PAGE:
Industry puts pressure on Rosenworcel over set-top box

Industry puts pressure on Rosenworcel over set-top box
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Opponents of the Federal Communications Commission’s set-top box market reforms are putting more pressure on Democratic Commission Jessica Rosenworcel, seen as the swing vote on the hotly-contested item.

In a filing on Friday, a set of programming companies disclosed that they spoke with Rosenworcel last week and said that “any arrangement in which they are required to allow their content to be distributed on terms or conditions to which programmers would not agree would be tantamount to a compulsory copyright license, which the Commission lacks authority to impose.”


The phone call included representatives from Viacom, Time Warner, Disney, A&E Television Networks, Scripps Networks, 21st Century Fox and Univision Networks. It was first reported by Broadcasting and Cable.

“In conclusion, the programmer representatives stressed that the Commission should not adopt any proposal that includes any FCC involvement in the licensing process or that grants the FCC the ability to establish or modify the terms and conditions of any license for the ultimate distribution of content,” the filing said.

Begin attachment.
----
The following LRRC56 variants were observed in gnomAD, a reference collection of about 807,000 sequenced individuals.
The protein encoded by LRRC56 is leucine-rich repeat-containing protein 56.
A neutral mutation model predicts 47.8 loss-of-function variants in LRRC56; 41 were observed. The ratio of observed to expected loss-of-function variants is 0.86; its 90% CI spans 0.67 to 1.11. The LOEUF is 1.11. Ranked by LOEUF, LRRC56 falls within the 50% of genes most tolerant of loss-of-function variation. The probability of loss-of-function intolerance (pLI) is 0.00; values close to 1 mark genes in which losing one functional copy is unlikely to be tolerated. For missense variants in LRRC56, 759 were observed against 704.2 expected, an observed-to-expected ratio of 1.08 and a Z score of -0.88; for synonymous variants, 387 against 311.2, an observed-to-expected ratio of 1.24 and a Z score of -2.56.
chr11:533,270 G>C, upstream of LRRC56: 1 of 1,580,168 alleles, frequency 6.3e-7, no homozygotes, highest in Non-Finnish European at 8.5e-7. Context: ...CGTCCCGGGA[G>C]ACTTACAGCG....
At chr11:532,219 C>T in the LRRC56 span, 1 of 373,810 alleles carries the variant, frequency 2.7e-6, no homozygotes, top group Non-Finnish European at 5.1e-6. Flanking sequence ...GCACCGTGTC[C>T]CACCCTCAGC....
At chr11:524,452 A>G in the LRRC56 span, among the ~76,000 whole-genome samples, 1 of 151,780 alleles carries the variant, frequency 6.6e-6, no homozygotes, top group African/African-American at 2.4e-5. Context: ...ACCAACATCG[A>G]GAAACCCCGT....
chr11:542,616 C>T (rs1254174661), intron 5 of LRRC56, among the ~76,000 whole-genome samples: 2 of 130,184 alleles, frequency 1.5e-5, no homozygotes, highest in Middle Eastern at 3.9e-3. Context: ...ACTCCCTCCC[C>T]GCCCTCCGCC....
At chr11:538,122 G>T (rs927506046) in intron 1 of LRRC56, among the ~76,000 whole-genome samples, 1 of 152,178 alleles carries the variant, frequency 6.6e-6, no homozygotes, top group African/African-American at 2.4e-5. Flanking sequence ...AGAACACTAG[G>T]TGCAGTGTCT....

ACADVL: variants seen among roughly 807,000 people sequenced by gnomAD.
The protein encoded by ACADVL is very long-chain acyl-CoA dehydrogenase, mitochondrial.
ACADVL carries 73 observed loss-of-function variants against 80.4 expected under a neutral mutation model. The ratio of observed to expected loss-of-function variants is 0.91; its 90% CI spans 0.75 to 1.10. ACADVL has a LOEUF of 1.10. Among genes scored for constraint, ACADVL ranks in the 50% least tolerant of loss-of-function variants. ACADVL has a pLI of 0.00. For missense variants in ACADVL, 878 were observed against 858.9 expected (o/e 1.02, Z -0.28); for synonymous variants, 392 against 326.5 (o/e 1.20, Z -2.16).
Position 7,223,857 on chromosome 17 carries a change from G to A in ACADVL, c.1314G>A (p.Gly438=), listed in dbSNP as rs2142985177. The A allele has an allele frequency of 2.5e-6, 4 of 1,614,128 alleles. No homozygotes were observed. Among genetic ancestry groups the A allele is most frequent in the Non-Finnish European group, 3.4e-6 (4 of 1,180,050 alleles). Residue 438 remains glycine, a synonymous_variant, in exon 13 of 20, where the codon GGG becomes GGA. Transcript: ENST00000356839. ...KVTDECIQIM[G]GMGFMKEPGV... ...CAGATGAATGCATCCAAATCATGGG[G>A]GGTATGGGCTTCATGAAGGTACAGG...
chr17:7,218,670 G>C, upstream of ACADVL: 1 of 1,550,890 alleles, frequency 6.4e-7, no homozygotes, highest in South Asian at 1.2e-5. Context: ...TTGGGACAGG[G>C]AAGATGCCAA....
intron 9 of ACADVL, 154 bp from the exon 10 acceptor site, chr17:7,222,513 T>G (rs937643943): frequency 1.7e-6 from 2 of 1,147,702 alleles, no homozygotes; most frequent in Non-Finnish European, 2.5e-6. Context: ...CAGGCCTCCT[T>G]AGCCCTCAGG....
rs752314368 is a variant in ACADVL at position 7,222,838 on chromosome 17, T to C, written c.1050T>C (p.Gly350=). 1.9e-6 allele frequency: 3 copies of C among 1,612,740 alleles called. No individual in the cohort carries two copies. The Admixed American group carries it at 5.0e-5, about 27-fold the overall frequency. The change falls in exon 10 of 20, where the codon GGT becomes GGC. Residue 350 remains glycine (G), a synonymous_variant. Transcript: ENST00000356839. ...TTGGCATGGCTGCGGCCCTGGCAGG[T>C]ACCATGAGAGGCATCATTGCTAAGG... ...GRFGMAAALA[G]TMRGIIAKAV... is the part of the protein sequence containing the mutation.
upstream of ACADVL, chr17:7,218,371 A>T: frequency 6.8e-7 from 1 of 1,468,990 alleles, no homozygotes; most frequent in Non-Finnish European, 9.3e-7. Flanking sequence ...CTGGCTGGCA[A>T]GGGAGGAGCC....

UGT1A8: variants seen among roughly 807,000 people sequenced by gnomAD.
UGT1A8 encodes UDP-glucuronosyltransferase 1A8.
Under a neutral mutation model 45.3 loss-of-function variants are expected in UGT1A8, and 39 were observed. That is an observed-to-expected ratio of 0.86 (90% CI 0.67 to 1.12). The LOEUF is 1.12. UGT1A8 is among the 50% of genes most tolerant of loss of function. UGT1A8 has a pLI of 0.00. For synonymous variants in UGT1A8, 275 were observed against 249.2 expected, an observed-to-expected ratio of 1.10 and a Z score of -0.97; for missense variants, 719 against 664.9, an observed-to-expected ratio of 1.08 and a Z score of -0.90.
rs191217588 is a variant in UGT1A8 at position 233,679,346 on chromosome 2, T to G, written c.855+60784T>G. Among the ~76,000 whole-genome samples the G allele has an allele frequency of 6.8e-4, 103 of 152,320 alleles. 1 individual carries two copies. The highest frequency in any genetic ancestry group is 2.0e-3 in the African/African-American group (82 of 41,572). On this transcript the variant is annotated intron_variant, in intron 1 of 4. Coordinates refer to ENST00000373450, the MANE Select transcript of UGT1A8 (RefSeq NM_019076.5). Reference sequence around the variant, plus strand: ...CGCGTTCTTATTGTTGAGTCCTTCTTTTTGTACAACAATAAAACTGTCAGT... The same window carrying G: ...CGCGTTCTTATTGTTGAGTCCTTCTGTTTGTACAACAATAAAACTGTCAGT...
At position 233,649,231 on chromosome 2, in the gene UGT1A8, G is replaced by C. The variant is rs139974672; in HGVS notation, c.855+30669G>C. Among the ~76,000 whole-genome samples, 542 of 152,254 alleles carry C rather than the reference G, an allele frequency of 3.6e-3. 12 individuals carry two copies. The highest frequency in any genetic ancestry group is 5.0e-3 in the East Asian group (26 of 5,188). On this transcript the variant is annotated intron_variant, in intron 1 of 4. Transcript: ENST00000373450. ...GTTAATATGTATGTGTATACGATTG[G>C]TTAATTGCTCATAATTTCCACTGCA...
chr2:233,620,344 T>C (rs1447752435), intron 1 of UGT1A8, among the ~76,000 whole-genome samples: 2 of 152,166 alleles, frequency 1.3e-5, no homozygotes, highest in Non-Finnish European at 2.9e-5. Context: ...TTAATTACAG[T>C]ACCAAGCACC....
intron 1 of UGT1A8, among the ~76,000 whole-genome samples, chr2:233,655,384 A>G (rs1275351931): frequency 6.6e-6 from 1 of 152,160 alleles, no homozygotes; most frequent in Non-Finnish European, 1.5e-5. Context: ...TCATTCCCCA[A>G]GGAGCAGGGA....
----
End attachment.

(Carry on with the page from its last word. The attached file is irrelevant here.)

The pressure is growing on Rosenworcel ahead of a Thursday FCC oversight hearing convened by the Senate Commerce Committee, when questions are likely to come up about the set-top box proposal.

FCC Chairman Tom Wheeler put forth a proposal last week that would require video providers to produce free applications for devices like smart televisions or tablets that customers could use to watch live content. Under the rules, the FCC would have authority over the standard license governing the relationship between the providers and device makers.

That has angered the the pay-television industry — which says the requirement would be illegal.

The proposal is nonetheless a retreat from his initial recommendations: that pay-TV providers be required to open up their video and data streams to third-party manufacturers. Rosenworcel was highly skeptical of that proposal, which she said had “real flaws.”